From victim to human rights defender
When Evrim Gul was still a child, her family arranged her marriage. She saw her husband for the first time when she became his wife. When the relationship turned abusive, she left him and found refuge at a women’s association, where she joined the Human Rights Education Program for Women. What she learned has empowered Evrim and many women like her to understand and defend their rights and build better lives for themselves.
“I will never forget: I was eight months pregnant with my son. My husband kicked me hard in the stomach — I covered my belly to protect my baby. I told my mother and father, but they said it was my fault.”
“Many women who attend our training program feel stronger and realize ‘I am not the problem. The problem lies elsewhere. It is in society, in this social construction.’ And so women feel empowered … If a woman wants to make a change and we can support her with training, she can change her life. She becomes more empowered in her communication with her husband and children.”
Zelal Ayman, Coordinator of the Human Rights Education Program for Women
After being forced to marry a man 15 years older than her, Evrim left her family. Her husband was violent and abusive, beating her even while she was pregnant. In desperation, she turned to her parents for help, but they blamed her, saying it was her fault.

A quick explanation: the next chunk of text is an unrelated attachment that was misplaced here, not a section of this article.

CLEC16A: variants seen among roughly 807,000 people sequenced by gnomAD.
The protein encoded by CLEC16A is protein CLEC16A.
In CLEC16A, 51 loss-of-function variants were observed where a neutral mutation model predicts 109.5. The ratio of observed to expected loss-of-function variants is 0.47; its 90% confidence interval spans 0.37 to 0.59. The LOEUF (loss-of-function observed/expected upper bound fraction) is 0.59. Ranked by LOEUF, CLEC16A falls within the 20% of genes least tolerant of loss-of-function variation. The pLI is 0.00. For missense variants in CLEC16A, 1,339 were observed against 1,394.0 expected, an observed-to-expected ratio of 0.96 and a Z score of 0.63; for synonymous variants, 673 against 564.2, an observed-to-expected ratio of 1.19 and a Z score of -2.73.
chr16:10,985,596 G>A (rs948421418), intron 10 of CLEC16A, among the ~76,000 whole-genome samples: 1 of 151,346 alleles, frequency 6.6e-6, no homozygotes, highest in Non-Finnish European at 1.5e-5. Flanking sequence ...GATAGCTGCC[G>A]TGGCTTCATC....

When the beatings continued, Evrim decided to get a divorce. But her family was opposed: “My family came after me with guns. They were looking for me.”
Evrim went to the Van Women’s Association (VAKAD), where she joined the Human Rights Education Program for Women, a program developed by Women for Women’s Human Rights (WWHR) – New Ways.
In the weekly workshops, Evrim learned about her rights, as well as the laws that protect these rights in Turkey. She understood that she had the right to be respected as an individual by her husband and family. Her communication skills improved, and through interaction with other women, she began to realize her own value and potential. She discovered that she could change her life for the better.
Ninety percent of the women who have completed this program, run by Women for Women’s Human Rights (WWHR) – New Ways, say that they better understand their rights, can use Turkish laws to protect their rights, and are more self-confident and assertive. Many go back to school, resolve marriage issues, or start working.
Evrim learned what she knew in her heart to be true: that she is equal to every other human being. She is transformed—no longer a victim but a human rights defender, eager and ready to stand up for her rights and those of others.
“I grew stronger I thought, I’m not alone if I fall, they will be there for me”.
FOR MORE INFO:
Human Rights Education Program for Women.
On the 8th of March, 2012, Turkey adopted the ‘Law to Protect Family and Prevent Violence against Women.’ This law seeks to protect women, children and family members of victims of domestic violence, and provide services such as shelters, financial aid and psychological and legal guidance services, including programs on violence prevention. However, there is a lack of proper implementation, and violence against women remains very high.